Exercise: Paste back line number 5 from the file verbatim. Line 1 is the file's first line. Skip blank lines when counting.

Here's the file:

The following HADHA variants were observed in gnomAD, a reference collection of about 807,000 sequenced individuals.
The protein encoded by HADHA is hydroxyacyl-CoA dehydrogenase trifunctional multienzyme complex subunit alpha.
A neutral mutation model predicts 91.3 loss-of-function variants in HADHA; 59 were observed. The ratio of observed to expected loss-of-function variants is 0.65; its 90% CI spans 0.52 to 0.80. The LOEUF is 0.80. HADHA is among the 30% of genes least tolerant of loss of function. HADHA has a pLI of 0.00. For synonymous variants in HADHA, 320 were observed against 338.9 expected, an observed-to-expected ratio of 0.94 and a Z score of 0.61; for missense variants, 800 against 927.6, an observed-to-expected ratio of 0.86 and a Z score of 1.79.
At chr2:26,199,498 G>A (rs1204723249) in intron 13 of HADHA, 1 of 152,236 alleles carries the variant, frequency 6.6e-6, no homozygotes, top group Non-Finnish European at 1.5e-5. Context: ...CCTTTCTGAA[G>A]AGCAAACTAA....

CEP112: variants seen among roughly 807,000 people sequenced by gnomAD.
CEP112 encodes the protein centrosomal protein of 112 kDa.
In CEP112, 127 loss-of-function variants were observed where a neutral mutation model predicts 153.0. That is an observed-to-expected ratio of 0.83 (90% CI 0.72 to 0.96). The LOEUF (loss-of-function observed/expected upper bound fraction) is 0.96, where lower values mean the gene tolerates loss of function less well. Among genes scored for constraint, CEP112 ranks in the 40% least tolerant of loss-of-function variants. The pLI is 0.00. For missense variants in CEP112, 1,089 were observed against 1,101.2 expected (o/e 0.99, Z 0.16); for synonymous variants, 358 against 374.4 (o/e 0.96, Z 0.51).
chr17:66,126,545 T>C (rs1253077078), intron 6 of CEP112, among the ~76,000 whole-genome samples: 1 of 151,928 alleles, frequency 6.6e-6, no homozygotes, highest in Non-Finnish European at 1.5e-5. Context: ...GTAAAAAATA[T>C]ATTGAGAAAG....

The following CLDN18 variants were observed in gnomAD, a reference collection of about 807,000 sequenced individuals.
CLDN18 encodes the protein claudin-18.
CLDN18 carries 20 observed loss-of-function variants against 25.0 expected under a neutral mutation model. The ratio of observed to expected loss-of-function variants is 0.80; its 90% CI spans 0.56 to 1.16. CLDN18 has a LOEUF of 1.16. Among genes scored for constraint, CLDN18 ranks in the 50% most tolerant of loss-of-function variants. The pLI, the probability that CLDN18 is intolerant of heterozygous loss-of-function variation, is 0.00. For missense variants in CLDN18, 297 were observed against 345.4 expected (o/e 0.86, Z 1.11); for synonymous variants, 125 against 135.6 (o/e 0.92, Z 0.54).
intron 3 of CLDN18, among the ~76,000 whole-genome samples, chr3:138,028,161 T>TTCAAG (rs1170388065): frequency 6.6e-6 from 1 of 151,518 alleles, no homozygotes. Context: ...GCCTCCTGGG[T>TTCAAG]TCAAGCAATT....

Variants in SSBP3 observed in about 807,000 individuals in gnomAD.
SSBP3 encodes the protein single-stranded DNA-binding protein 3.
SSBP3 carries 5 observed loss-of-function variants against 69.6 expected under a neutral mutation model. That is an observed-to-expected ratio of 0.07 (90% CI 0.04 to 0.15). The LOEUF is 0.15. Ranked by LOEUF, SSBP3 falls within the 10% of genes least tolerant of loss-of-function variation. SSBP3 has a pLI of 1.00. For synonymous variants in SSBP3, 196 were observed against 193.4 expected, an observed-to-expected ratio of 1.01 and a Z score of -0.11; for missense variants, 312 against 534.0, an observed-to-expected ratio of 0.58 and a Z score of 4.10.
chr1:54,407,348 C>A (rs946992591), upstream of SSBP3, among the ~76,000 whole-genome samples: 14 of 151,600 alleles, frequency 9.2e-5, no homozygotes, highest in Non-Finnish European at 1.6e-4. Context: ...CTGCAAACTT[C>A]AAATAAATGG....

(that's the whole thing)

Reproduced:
CEP112: variants seen among roughly 807,000 people sequenced by gnomAD.